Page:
Cover: The Great Rift: Literacy, Numeracy, and the Religion-Science Divide, from Harvard University PressCover: The Great Rift in HARDCOVER

The Great Rift

Literacy, Numeracy, and the Religion-Science Divide

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Product Details

HARDCOVER

$42.00 • £33.95 • €38.00

ISBN 9780674983632

Publication Date: 04/16/2018

Academic Trade

520 pages

6-1/8 x 9-1/4 inches

23 halftones, 38 line illustrations, 13 tables

World

  • Preface and Acknowledgments
  • Introduction: The Rift between Science and Religion
  • I. A Prayer and a Theory: The Classifying Temper
    • Religio and Scientia
    • 1. A World of Words and Things
    • 2. Demonstrable Common Sense: Premodern Science
  • II. From the “Imagination Mathematical” to the Threshold of Analysis
    • Teeming Things and Empty Relations
    • 3. Early Numeracy and the Classifying of Mathematics
    • 4. Thing-Mathematics: The Medieval Quadrivium
    • 5. Arithmetic: Hindu-Arabic Numbers and the Rise of Commerce
    • 6. Music: Taming Time, Tempering Tone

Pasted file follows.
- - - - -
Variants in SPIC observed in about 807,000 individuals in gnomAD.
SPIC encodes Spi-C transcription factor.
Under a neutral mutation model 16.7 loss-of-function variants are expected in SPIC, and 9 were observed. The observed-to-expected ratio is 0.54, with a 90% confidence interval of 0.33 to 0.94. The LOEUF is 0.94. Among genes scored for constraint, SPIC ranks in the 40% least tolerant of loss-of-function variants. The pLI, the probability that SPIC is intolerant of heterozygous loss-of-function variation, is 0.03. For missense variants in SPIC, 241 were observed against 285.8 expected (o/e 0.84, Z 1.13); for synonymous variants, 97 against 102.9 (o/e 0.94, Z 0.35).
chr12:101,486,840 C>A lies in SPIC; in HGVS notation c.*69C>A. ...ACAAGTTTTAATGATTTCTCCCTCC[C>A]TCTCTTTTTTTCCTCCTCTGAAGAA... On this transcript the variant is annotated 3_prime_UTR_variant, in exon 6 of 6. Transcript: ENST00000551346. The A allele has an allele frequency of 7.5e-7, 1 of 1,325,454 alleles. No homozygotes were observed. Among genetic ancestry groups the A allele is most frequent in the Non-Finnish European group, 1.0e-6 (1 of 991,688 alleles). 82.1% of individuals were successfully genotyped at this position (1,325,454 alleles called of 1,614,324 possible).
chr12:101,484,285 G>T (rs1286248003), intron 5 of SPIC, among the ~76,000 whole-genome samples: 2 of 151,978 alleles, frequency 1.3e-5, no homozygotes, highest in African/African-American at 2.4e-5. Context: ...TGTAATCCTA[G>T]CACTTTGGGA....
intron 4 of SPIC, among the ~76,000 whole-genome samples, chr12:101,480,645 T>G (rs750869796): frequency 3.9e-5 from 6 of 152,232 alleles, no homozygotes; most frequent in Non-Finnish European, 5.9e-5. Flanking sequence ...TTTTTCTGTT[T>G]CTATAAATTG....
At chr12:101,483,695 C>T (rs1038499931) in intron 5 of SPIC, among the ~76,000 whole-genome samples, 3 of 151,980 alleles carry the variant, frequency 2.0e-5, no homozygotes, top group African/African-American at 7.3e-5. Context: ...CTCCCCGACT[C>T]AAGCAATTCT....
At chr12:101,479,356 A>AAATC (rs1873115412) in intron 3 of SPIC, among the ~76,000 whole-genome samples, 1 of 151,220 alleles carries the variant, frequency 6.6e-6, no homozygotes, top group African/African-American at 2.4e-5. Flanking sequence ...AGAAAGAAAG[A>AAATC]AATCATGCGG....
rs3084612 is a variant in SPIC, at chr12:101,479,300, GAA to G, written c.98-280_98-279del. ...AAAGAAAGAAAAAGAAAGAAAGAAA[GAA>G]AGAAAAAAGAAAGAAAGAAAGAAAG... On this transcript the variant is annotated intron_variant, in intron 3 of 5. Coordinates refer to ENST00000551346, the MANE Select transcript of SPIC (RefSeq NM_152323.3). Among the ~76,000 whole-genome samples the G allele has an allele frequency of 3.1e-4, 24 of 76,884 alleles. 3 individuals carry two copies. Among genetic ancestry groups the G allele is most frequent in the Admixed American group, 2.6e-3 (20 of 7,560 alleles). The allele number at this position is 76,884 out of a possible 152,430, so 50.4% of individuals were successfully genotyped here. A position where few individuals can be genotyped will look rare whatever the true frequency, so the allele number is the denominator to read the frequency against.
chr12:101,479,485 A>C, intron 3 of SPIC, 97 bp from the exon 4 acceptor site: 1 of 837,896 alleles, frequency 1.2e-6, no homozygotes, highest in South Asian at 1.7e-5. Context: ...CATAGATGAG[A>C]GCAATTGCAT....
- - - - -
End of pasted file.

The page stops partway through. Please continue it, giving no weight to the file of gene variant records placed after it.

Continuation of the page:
• 7. Geometry: The Illusions of Perspective and Proportion
    • 8. Astronomy: The Technologies of Time
  • III. Galileo and the Analytical Temper
    • The Moment of Modern Science
    • 9. The Birth of Analysis
    • 10. Toward the Mathematization of Matter
    • 11. Demonstrations and Narrations: The Doctrine of Two Truths
  • Epilogue: The Great Rift Today
  • Appendixes
  • Illustration Credits
  • Notes
  • Index

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Jacket: An Inquiry into Modes of Existence: An Anthropology of the Moderns, by Bruno Latour, translated by Catherine Porter, from Harvard University Press

Honoring Latour

In awarding Bruno Latour the 2021 Kyoto Prize for Arts and Philosophy, the Inamori Foundation said he has “revolutionized the conventional view of science” and “his philosophy re-examines ‘modernity’ based on the dualism of nature and society.” Below is an excerpt from An Inquiry into Modes of Existence: An Anthropology of the Moderns. For more than twenty years, scientific and technological controversies have proliferated in number and scope, eventually reaching the climate itself. Since geologists are beginning to use the term “Anthropocene” to designate the era of Earth’s history that follows the Holocene